As part of the public accountability of the review, the proposals must be subjected to a public enquiry if there is sufficient demand. At these reviews local parties and individuals will comment on the proposals and sometimes argue alternative proposals. Some of this is with an eye to partisan benefit, but argued on the basis of what the natural ties in an area are. Others are simply concerned with local ties, such as having a village in the same constituency as its main town, or matching the seat to things such as school catchment areas, bus routes and local newspapers and so forth. Unfortunately if one side makes a fantastic effort and the other a dire one it can have a distorted outcome. And during the 1990s review the Labour Party devoted central resources to supporting and co-ordinating responses to the individual sections of the review. By contrast the Conservatives left it to local parties who often wound up arguing against each other, with some in safe seats seemingly prioritising having the largest majority in the area over all other concerns! But to blame the Commission for accepting the better argued Labour cases is like an amateur who knows nothing about law arguing in court with a top QC and accusing the judge of bias for accepting the latter's outcome.

My very last point on this is the whole notion that there should be equity in the "number of votes it takes to elect an MP from a particular party". Such a concept is totally alien to a constituency based electoral system. If a party has a weak and scattered vote (as the Conservative vote has been in recent elections for reasons that having nothing to do with the boundaries) then it will find it difficult to win seats. By contrast if the vote is strong and concentrated it becomes easier. The first past the post electoral system has always carried this risk, regardless of constituency size, and trying to rig the boundaries to make the seats deliver a predetermined outcome would be a gerrymander that produced hideously unnatural seats. If people want "fairness" and "equality" in this area, the logical solution is a change in the voting system (though few proportional systems deliver absolute "equality" either), not a boundary fix. But I doubt many want to take that leap into the dark just yet.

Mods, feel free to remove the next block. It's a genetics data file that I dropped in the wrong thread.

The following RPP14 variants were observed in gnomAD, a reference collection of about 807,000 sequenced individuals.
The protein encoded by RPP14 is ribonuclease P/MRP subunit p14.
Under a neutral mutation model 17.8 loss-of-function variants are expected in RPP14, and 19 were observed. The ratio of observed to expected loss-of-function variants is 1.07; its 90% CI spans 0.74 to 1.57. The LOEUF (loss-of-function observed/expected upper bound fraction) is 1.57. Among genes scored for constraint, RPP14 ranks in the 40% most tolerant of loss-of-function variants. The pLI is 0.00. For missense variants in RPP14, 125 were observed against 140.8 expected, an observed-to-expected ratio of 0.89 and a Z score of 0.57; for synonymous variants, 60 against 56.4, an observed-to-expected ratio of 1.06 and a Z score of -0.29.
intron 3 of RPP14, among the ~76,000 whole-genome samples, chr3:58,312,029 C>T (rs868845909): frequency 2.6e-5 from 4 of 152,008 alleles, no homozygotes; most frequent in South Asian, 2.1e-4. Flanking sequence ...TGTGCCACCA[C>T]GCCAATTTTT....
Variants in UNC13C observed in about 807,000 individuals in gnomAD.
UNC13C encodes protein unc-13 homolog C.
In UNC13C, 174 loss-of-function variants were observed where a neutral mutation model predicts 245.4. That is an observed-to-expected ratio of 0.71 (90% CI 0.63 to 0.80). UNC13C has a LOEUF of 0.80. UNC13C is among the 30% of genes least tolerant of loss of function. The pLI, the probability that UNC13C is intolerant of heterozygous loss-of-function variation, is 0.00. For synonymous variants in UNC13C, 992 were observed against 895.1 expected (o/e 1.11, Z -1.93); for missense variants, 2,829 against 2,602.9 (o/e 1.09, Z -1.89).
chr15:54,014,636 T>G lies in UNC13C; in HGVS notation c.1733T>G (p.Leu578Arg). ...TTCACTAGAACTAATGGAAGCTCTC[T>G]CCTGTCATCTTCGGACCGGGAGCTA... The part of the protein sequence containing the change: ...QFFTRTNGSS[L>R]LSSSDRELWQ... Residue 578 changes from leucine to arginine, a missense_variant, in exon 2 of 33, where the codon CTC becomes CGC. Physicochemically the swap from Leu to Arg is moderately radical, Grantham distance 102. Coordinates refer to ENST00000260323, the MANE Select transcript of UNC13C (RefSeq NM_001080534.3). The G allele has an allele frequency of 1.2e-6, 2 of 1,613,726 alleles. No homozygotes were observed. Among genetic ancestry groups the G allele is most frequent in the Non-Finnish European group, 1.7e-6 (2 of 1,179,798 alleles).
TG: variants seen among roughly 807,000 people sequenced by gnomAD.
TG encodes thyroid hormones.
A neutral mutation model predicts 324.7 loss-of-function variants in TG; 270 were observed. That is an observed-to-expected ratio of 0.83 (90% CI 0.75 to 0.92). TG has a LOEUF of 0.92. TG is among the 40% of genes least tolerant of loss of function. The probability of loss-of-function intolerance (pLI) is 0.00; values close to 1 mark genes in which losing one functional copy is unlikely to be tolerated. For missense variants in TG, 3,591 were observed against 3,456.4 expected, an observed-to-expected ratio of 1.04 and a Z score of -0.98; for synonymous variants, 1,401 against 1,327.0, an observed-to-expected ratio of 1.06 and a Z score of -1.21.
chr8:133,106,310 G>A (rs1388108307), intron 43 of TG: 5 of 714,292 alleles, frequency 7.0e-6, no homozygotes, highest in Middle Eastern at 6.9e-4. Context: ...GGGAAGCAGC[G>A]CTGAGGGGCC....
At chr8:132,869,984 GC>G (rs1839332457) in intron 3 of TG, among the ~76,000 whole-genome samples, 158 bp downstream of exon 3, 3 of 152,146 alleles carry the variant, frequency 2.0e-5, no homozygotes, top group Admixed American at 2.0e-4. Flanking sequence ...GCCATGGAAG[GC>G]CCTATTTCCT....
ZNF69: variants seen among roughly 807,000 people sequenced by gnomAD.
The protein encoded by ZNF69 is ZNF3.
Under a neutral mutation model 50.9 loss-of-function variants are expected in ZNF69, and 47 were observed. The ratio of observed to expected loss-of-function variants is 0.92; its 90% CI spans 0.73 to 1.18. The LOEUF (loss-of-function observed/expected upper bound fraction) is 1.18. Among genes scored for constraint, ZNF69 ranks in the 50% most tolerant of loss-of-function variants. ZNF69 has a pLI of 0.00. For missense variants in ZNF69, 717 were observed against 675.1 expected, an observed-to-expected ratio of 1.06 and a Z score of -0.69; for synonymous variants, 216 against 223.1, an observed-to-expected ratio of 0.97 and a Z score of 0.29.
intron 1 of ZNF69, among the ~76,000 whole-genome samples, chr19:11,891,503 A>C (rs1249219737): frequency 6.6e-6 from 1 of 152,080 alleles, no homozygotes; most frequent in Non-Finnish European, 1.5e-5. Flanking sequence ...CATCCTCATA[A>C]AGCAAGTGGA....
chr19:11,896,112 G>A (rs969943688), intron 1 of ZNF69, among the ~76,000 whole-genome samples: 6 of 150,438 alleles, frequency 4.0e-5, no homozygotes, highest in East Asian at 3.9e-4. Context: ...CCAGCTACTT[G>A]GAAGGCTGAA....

I hope this post has helped enlighten what is a very complicated process. I don't believe there is any simple solution in this area because the problem is in the detail. The simplistic changes proposed in some quarters would produce awkward alternatives that no-one is actually advocating in and of themselves. And the differences are hardly on the grand scale of some of the grand malapportionments around the world in the past. The way to get more seats is to get more people voting Conservative.

Wednesday, January 21, 2009

Yes to a single currency

I bet many of you never thought I'd say that!

But no, it's not that single currency that's at issue. Instead David Mundell is bringing a Private Member's Bill that would require the acceptance of Scottish banknotes on the same basis as Bank of England ones. (BBC News: 'Legal' bid over Scots banknotes)

I have to say I've never had much of a problem with Scottish notes myself, but normally when I do come back from Scotland I aim to spend the notes in London where they're relatively well known, or even break them all in Scotland so I don't have any. However I gather they are more problematic in the country.

Where I have had problems though are with Northern Irish banknotes, even in places that don't give Scottish notes a second glance. This is probably because they're much rarer down here. I hope that when the Bill is finally presented it will place them on the same footing as Scottish notes throughout the UK. Being able to shop and order with confidence that the money in your pocket will be accepted wherever you are in the UK is straightforward common sense and I'm surprised it's taken this long to enact.

Tuesday, January 20, 2009

When another fresh face entered the White House

Mars Hill has been running various YouTube videos of past US Presidents (see President Kennedy On Civil Rights & President Johnson's Announcement That He Won't Seek Re-Election, President Carter on the Success of the Egypt/Israel Talks and President Reagan on the Cold War Situation and President Nixon's Resignation Speech and President Ford's First Speech as President ). So in response I'd like to post another, this time another inaugural address. And it's one that seems very appropriate for today.

It was a time when after years of tension and turmoil the United States had been left bitterly divided. Then in a fiercely fought Presidential election a fresh face won the election and entered office with so many full of hope that everything would change, that the country would recover its lost international prestige and greatness and that it would be a glorious new era.

Not so different from now, eh?

So without further ado I give you the inaugural address of the President whom Obama seems to be most like: